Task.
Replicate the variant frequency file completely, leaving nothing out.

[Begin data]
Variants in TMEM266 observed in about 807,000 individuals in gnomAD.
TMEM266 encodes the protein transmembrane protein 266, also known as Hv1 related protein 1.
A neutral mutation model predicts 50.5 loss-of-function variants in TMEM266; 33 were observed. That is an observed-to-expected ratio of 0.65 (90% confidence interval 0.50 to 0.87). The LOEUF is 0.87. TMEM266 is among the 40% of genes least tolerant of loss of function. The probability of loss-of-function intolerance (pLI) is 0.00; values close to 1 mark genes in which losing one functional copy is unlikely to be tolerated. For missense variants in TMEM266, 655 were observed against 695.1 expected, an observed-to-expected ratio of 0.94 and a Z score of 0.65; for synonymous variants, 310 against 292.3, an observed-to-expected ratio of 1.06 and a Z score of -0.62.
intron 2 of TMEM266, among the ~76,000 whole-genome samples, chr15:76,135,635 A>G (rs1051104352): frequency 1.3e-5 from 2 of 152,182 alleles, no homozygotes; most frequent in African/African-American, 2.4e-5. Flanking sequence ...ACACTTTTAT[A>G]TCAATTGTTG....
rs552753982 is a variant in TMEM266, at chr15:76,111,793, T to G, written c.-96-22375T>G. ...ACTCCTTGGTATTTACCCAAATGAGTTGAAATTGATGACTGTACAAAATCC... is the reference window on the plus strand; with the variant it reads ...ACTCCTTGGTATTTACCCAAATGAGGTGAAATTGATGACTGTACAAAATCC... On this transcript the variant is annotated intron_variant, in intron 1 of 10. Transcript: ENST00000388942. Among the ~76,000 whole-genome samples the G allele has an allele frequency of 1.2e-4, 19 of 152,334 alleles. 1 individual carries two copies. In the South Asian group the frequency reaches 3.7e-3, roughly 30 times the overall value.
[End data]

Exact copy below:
Variants in TMEM266 observed in about 807,000 individuals in gnomAD.
TMEM266 encodes the protein transmembrane protein 266, also known as Hv1 related protein 1.
A neutral mutation model predicts 50.5 loss-of-function variants in TMEM266; 33 were observed. That is an observed-to-expected ratio of 0.65 (90% confidence interval 0.50 to 0.87). The LOEUF is 0.87. TMEM266 is among the 40% of genes least tolerant of loss of function. The probability of loss-of-function intolerance (pLI) is 0.00; values close to 1 mark genes in which losing one functional copy is unlikely to be tolerated. For missense variants in TMEM266, 655 were observed against 695.1 expected, an observed-to-expected ratio of 0.94 and a Z score of 0.65; for synonymous variants, 310 against 292.3, an observed-to-expected ratio of 1.06 and a Z score of -0.62.
intron 2 of TMEM266, among the ~76,000 whole-genome samples, chr15:76,135,635 A>G (rs1051104352): frequency 1.3e-5 from 2 of 152,182 alleles, no homozygotes; most frequent in African/African-American, 2.4e-5. Flanking sequence ...ACACTTTTAT[A>G]TCAATTGTTG....
rs552753982 is a variant in TMEM266, at chr15:76,111,793, T to G, written c.-96-22375T>G. ...ACTCCTTGGTATTTACCCAAATGAGTTGAAATTGATGACTGTACAAAATCC... is the reference window on the plus strand; with the variant it reads ...ACTCCTTGGTATTTACCCAAATGAGGTGAAATTGATGACTGTACAAAATCC... On this transcript the variant is annotated intron_variant, in intron 1 of 10. Transcript: ENST00000388942. Among the ~76,000 whole-genome samples the G allele has an allele frequency of 1.2e-4, 19 of 152,334 alleles. 1 individual carries two copies. In the South Asian group the frequency reaches 3.7e-3, roughly 30 times the overall value.